0
$\begingroup$

As the title says, how many n-digit numbers can be formed using the first 5 natural numbers which must contain the digits 2 and 4 essentially?

I think this can be done using some sort of principle of inclusions, but I am not able to do it in that way...

Can someone guide me in the right direction?

$\endgroup$

closed as off-topic by JMoravitz, Arnaud D., Shailesh, Marcus M, Aqua Nov 8 '17 at 17:32

This question appears to be off-topic. The users who voted to close gave this specific reason:

  • "This question is missing context or other details: Please improve the question by providing additional context, which ideally includes your thoughts on the problem and any attempts you have made to solve it. This information helps others identify where you have difficulties and helps them write answers appropriate to your experience level." – JMoravitz, Shailesh, Marcus M, Aqua
If this question can be reworded to fit the rules in the help center, please edit the question.

  • 3
    $\begingroup$ Do you consider $0$ a natural number? Yes the problem will utilize the principle of inclusion-exclusion. Can you count the number of such $n$-digit numbers with no twos? Can you count the number of such $n$-digit numbers with no fours? Can you count the number of such $n$-digit numbers with neither twos nor fours? Can you count the number of such $n$-digit numbers where you don't care about whether there are any of either? $\endgroup$ – JMoravitz Nov 8 '17 at 5:39
  • $\begingroup$ @JMoravitz 0 is not considered as a natural number in this case, as usual, and thanks for the insight... That helped me to take the right cases... $\endgroup$ – AbhigyanC Nov 8 '17 at 16:09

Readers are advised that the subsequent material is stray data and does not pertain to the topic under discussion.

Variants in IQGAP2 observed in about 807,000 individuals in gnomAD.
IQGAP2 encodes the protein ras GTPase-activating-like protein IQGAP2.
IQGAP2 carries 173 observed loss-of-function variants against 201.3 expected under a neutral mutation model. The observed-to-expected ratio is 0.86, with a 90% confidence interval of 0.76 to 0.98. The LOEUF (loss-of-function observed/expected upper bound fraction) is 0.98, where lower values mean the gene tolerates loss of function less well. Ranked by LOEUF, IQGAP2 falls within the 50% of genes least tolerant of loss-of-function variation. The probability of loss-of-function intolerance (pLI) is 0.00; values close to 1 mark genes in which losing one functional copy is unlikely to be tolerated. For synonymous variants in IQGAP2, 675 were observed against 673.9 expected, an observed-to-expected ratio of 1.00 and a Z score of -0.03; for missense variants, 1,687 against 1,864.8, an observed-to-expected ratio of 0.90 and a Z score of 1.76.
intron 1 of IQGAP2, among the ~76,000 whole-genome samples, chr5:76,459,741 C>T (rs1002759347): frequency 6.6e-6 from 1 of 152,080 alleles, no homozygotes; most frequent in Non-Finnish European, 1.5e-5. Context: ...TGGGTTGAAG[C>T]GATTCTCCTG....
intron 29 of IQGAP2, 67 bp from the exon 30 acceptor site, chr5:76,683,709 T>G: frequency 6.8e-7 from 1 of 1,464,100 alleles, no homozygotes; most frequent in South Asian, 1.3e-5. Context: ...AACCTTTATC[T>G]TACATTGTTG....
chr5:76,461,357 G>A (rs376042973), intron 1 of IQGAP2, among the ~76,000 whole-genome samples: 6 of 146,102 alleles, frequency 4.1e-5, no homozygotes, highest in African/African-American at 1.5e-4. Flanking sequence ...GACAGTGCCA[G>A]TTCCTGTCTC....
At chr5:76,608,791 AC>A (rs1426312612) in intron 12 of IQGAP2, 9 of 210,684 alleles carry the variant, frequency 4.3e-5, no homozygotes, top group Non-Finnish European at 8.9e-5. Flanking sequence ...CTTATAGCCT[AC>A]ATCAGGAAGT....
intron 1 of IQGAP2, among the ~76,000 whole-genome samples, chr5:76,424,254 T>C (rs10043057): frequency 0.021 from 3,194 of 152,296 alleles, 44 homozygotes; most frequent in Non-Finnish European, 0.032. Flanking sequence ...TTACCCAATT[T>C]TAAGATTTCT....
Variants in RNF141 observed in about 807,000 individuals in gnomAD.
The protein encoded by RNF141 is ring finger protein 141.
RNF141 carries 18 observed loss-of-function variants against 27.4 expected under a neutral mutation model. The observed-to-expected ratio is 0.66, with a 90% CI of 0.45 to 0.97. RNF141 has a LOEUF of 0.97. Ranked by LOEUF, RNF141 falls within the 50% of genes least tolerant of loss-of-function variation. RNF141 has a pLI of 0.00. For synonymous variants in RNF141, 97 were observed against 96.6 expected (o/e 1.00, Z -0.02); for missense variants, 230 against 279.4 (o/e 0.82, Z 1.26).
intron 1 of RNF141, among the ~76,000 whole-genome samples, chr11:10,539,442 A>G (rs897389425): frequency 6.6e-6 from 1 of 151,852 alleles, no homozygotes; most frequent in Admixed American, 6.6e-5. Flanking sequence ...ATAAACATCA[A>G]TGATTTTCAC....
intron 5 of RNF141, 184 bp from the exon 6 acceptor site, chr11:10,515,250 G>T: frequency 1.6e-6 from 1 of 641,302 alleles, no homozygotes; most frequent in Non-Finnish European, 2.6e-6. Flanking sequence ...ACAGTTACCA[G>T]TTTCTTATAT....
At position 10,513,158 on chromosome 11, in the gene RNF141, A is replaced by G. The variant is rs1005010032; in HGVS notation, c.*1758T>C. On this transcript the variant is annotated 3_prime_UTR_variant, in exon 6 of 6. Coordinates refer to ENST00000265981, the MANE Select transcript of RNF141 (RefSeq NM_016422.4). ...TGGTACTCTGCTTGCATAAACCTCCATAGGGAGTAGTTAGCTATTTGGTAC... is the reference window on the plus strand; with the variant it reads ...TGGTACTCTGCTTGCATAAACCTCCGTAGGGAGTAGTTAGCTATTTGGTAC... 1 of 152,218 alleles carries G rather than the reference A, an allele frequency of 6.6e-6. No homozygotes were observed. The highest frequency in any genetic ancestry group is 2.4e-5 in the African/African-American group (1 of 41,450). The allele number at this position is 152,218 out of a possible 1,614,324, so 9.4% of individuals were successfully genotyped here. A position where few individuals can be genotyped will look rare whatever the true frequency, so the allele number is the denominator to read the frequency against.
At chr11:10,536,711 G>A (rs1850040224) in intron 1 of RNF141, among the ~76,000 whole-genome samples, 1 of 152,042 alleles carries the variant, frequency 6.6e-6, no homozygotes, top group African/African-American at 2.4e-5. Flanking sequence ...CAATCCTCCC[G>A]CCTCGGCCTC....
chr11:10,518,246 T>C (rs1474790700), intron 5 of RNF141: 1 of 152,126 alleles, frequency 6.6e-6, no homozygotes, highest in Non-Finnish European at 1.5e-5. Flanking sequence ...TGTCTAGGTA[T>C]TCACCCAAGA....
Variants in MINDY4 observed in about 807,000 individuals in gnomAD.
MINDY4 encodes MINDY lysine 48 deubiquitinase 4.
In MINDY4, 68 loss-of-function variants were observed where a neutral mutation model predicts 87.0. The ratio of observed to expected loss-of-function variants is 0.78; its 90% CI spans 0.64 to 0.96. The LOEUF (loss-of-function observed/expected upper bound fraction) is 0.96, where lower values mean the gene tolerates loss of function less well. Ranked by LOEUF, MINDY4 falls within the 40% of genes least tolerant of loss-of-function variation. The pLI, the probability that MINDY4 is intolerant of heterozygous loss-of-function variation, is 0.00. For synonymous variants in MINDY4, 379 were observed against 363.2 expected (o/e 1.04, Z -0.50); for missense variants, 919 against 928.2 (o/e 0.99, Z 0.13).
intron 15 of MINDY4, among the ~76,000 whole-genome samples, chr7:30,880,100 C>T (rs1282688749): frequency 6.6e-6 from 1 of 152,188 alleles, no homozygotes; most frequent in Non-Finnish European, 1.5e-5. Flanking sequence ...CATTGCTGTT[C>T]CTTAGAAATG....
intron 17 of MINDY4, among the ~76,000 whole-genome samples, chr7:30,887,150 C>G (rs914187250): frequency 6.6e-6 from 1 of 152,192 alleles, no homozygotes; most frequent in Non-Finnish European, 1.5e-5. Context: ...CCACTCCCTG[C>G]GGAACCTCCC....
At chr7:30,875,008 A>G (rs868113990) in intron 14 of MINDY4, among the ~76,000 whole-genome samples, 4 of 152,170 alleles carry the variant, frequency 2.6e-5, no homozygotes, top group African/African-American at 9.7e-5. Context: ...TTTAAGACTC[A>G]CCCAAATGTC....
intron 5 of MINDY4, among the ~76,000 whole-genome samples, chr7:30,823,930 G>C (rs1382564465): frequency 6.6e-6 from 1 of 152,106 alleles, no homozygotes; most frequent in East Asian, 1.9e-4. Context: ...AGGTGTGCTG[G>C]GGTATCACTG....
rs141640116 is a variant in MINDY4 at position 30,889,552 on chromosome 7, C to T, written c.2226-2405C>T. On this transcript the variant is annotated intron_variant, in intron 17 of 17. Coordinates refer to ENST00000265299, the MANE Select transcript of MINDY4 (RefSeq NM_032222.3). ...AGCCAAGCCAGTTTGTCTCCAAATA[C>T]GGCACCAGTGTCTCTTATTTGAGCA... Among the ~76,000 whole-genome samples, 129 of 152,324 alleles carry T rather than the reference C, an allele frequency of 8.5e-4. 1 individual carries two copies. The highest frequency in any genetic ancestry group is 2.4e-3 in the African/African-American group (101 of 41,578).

• $\begingroup$ "is not considered as a natural number, as usual" I find it is much more common to consider zero a natural than otherwise, but both are used. it feels like maybe 70-30 in favor of zero being considered a natural $\endgroup$ – JMoravitz Nov 8 '17 at 16:10
  • $\begingroup$ @JMoravitz Oh... I was unaware that 0 is even treated as a natural number in any place, having grown up hearing that there's natural numbers ($\{1,2,3,4...\}$) and whole numbers ($\{0,1,2,3,4...\}$)... I'm from India, here we have always learnt that 0 is a natural number; hence I said "as usual" :) $\endgroup$ – AbhigyanC Nov 8 '17 at 17:04
2
$\begingroup$

Let us consider multiple cases to solve this:

Total number of numbers present of n-digit made up of 1st 5 natural no.s is $ S=5^n$

Case 0: This case considers with atleast one 2 present and no 4's present

$ \implies S_0= \ ^nC_13^{n-1} +\ ^nC_23^{n-2} +\ ^nC_33^{n-3}+ \ ...+ \ ^nC_n $

$ \implies S_0=4^n-1$

Case 1: This case considers with atleast one 4 present and no 2's present

$ \implies S_1= \ ^nC_13^{n-1} +\ ^nC_23^{n-2} +\ ^nC_33^{n-3}+ \ ...+ \ ^nC_n $

$ \implies S_1=4^n-1$

Case 2: No 2's or 4's are present

$ \implies S_2=3^n $

So, total no. of such values are

$s=S-S_0-S_1-S_2$

$\implies s=5^n-2(4^n-1)-3^n$

$\endgroup$

Not the answer you're looking for? Browse other questions tagged or ask your own question.